Tuesday, June 29, 2010
n. pl. o·bit·u·ar·ies
Med. Lat.-obituarius (report) of death.
A published notice of death, sometimes with a
brief biography of the deceased
This is the Webster Dictionary definition of the word obituary. However, Sonoran Jackrabbit thinks this definition falls short. It certainly does not allow within this 'published notice of death' the many morsels of information the obituary may offer the genealogy researcher. Patient reader think of the obituary as the side dish to the main course of our cemetery and headstone research.
How satiated the SJ feels after trekking five states from where we live to snap many shots of our elusive relative's headstone when we are fortunate enough to have an obituary to complete the experience.
As a matter of history, obituaries were begun in the 1500's with the advent of the printing press. They contained little but the name and age of the deceased. When a publisher in the 1800's thought it socially viable to let the reading public know who amongst them had succumbed from one printing of the publication to the next, obituaries became longer and more detailed.
SJ is only a rabbit, who does not feel the need to wax on when the evidence presented is sufficient to allow the reader to form his own conclusion. How much more fulfilling is finding the headstone of Domitila Robles Yanez when SJ has an obituary to go along with it.
All that just could not fit on a headstone. Not meant to. Seriously, why write about obituaries when most of us do understand their value as a resource? Because in Arizona there is a web site that we only became aware of this weekend that consists of nothing but Arizona obituaries. Maybe other states have something similar. This free data base of 33,900 obituaries grows daily from reader's contributions. SJ lives in Arkansas and we were able to submit almost 400 obits for Arizona this weekend alone. It is so simple to access information and just as simple to enter obituaries. Just wanted to highlight
Arizona Obituary Directory
http://obits.arizonagravestones.org/post.php and the wonderful database they are building.
Lots of people from around the United States are Arizona Snowbirds in the winter so even if you are researching someone who is not from Arizona, per se, you may find an obituary for them listed in the database. You never know unless you look.
Thursday, June 17, 2010
Let me acknowledge here and now that I have used the masthead logo above from the actual Find A Grave website. Hope they don't shoot me as I am a contributor to this wonderful and free site and utilize their logo with the humblest respect.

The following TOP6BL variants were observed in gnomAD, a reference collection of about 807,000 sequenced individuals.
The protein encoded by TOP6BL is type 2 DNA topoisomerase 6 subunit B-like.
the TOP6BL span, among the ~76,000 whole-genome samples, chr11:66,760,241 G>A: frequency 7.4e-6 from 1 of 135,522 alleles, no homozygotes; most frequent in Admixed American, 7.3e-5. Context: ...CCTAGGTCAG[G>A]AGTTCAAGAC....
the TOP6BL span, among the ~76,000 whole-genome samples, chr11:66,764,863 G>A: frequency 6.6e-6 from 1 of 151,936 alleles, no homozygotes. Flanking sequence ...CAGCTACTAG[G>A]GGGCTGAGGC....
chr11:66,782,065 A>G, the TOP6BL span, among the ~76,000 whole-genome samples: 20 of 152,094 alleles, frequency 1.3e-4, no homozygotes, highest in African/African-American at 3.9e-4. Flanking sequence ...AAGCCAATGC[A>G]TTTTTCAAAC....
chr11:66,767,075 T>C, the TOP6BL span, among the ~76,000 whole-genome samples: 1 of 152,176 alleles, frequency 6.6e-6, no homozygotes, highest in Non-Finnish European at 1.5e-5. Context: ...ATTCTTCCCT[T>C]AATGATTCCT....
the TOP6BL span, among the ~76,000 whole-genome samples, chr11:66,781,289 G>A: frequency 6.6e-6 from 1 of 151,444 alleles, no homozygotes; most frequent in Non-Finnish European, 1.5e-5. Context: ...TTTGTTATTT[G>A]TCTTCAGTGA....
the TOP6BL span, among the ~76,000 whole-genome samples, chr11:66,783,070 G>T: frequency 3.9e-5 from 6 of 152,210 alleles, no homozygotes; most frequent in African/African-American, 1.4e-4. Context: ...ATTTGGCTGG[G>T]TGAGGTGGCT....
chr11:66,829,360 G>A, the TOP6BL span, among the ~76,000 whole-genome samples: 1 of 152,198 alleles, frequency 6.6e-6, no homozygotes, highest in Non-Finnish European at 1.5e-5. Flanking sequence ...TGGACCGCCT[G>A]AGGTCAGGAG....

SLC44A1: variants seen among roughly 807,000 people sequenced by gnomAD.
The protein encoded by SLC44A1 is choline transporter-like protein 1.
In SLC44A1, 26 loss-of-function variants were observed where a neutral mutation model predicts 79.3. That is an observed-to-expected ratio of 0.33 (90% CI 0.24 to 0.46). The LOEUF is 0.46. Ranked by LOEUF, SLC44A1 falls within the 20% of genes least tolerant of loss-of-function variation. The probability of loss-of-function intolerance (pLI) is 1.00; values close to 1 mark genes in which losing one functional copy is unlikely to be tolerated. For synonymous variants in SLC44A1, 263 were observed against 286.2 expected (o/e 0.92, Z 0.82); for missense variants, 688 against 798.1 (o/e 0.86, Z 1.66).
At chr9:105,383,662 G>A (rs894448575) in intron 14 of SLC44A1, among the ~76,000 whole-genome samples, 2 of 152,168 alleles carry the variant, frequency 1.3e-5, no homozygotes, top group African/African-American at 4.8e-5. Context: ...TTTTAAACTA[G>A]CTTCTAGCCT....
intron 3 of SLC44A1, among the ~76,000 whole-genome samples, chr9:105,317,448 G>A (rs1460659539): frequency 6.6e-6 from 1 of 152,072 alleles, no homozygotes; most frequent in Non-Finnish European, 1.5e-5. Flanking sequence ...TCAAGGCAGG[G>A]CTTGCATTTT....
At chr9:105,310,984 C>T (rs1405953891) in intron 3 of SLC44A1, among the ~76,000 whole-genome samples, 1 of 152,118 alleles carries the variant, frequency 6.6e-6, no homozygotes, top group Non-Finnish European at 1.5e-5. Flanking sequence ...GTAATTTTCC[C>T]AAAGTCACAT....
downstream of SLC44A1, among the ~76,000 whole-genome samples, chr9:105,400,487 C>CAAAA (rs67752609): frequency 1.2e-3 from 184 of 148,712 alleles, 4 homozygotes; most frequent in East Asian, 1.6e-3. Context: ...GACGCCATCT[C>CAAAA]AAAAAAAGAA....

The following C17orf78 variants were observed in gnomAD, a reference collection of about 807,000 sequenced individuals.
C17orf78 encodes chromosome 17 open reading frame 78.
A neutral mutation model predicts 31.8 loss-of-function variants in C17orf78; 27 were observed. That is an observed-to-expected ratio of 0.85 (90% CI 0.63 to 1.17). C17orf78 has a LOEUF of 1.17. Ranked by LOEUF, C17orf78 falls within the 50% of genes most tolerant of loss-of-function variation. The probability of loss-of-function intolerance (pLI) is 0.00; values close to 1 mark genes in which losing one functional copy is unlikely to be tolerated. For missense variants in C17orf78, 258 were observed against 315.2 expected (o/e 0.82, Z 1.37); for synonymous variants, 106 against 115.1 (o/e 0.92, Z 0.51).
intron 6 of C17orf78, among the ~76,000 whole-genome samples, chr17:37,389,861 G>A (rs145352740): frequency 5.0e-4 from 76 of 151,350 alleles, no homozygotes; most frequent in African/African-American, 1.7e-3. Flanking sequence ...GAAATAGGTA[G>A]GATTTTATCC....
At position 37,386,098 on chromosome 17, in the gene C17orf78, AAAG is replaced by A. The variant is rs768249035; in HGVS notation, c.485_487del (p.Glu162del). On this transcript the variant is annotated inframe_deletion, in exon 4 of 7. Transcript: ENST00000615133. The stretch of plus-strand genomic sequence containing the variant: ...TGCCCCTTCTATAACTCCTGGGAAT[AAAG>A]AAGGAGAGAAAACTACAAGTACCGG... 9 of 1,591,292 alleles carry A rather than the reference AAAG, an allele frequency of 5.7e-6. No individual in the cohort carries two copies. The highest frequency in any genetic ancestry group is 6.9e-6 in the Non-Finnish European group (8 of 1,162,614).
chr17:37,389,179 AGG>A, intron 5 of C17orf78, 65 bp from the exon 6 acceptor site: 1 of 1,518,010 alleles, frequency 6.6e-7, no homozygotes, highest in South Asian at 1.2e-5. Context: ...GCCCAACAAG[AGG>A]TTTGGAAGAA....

Most genealogists will be aware of Find A Grave and their contribution to the research of our ancestors so don't let me preach to the choir, as it were. However, for the Sonoran Jackrabbits family, La Familia Robles (The Robles Family) of Arizona, California, Sonora, Mexico (mainly) let me tell you a little about the site so that you also may become interested in contributing to Find A Grave.
Basically, it's a virtual graveyard. No, the concept is not as cold I may make it sound. Here in one place a person wishing to locate the final resting spot of their loved, and maybe unloved ones, may be found. The contribution of information regarding the deceased comes from people like you and me. We upload to the site biographical information, historical information, photos of the individual and perhaps (hopefully) their headstone marker to the cemetery where they are buried. There are thousands of cemeteries with millions of memorials listed for all 50 states and all around the world. If the cemetery doesn't exist on the Find A Grave site you may add it.
We don't just add our family information to this site, but others. Imagine how marvelous it is at midnight to find the resting spot of someone you have been looking for, for over 40 years and just never seemed to have been able to locate when you traipsed all over the cemetery in the heat and the cold where they were suppose to be buried. I know because it happened to me.
Around midnight sitting in Little Rock, AR, tired and thinking I'll check just one more name on a whim, I entered my brother's name, David Joe Vasquez under the Globe Cemetery, Globe, AZ search and to my amazement his name appeared. I clicked on his name and found myself looking at his headstone. I have been looking since I was 18 years old (that was awhile ago) to find his grave....even our mother who is 91 years old now could not recall where he was buried....him having died as an infant when she was 18 and too poor to afford a headstone for him at the time. The city records for the graveyard could not tell me which plot was his. But someone knew and has honored his memory with a beautiful marker.
Located, at last, because of a stranger's kindess to take a photo and upload it to the Find A Grave site. And there are probably thousands of stories like mine.
Now, here is what I think is the really cool aspect of Find A Grave. They allow us to create a virtual cemetery for our loved ones. No matter which cemetery they rest at we can 'bury' them at our virtual cemetery. That's almost inconceivable until you do it. I created a virtual Robles Cemetery where our loved ones from 20 different cemeteries are gathered together, so to speak. The link for it is below.
Find A Grave from a genealogy point of view really is invaluable. Gave great happiness to a 91 year old woman who now knows her child has a headstone to mark his existence. It was found from 1000 actual/cyberspace miles away. You can't put a price on that. But from a practical standpoint, while it's ALWAYS preferable to be able to visit the actual cemetery you are researching, it is not always financially or timewise practical to do so.
Robles family I challenge you to stop at that cemetery you are so used to just driving by, armed with your camera so that you, too, may become a contributor to Find A Grave.